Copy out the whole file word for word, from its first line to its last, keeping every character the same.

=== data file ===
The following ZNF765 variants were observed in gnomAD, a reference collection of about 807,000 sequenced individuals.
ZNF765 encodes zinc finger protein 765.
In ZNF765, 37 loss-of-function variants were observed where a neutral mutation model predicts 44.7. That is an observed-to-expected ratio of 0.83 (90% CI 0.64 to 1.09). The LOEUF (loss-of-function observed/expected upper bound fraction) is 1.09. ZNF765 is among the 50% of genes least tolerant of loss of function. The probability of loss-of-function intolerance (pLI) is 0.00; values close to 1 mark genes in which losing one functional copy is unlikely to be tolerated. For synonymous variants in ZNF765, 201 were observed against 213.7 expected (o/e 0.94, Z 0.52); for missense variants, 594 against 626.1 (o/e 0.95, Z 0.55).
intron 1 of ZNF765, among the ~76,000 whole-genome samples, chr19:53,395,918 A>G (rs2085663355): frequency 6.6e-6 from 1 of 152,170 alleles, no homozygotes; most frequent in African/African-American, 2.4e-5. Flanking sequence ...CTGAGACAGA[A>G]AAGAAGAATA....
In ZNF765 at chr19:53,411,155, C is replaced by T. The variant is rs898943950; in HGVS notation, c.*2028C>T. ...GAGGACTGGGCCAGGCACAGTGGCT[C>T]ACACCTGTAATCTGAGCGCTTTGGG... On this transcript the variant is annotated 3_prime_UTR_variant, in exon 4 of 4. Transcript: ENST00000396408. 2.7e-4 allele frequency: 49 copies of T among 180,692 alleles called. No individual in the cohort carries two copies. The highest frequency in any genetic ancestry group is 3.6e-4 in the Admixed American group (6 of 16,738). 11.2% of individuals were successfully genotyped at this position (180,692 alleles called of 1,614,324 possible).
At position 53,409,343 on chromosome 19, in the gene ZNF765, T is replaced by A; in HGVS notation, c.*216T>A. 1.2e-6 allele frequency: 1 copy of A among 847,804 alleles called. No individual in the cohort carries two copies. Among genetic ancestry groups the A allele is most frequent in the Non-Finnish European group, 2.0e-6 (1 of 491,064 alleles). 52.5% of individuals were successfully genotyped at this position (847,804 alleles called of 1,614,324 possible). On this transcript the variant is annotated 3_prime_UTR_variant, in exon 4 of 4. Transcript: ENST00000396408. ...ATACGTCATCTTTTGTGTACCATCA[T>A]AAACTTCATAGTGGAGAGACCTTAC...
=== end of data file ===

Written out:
The following ZNF765 variants were observed in gnomAD, a reference collection of about 807,000 sequenced individuals.
ZNF765 encodes zinc finger protein 765.
In ZNF765, 37 loss-of-function variants were observed where a neutral mutation model predicts 44.7. That is an observed-to-expected ratio of 0.83 (90% CI 0.64 to 1.09). The LOEUF (loss-of-function observed/expected upper bound fraction) is 1.09. ZNF765 is among the 50% of genes least tolerant of loss of function. The probability of loss-of-function intolerance (pLI) is 0.00; values close to 1 mark genes in which losing one functional copy is unlikely to be tolerated. For synonymous variants in ZNF765, 201 were observed against 213.7 expected (o/e 0.94, Z 0.52); for missense variants, 594 against 626.1 (o/e 0.95, Z 0.55).
intron 1 of ZNF765, among the ~76,000 whole-genome samples, chr19:53,395,918 A>G (rs2085663355): frequency 6.6e-6 from 1 of 152,170 alleles, no homozygotes; most frequent in African/African-American, 2.4e-5. Flanking sequence ...CTGAGACAGA[A>G]AAGAAGAATA....
In ZNF765 at chr19:53,411,155, C is replaced by T. The variant is rs898943950; in HGVS notation, c.*2028C>T. ...GAGGACTGGGCCAGGCACAGTGGCT[C>T]ACACCTGTAATCTGAGCGCTTTGGG... On this transcript the variant is annotated 3_prime_UTR_variant, in exon 4 of 4. Transcript: ENST00000396408. 2.7e-4 allele frequency: 49 copies of T among 180,692 alleles called. No individual in the cohort carries two copies. The highest frequency in any genetic ancestry group is 3.6e-4 in the Admixed American group (6 of 16,738). 11.2% of individuals were successfully genotyped at this position (180,692 alleles called of 1,614,324 possible).
At position 53,409,343 on chromosome 19, in the gene ZNF765, T is replaced by A; in HGVS notation, c.*216T>A. 1.2e-6 allele frequency: 1 copy of A among 847,804 alleles called. No individual in the cohort carries two copies. Among genetic ancestry groups the A allele is most frequent in the Non-Finnish European group, 2.0e-6 (1 of 491,064 alleles). 52.5% of individuals were successfully genotyped at this position (847,804 alleles called of 1,614,324 possible). On this transcript the variant is annotated 3_prime_UTR_variant, in exon 4 of 4. Transcript: ENST00000396408. ...ATACGTCATCTTTTGTGTACCATCA[T>A]AAACTTCATAGTGGAGAGACCTTAC...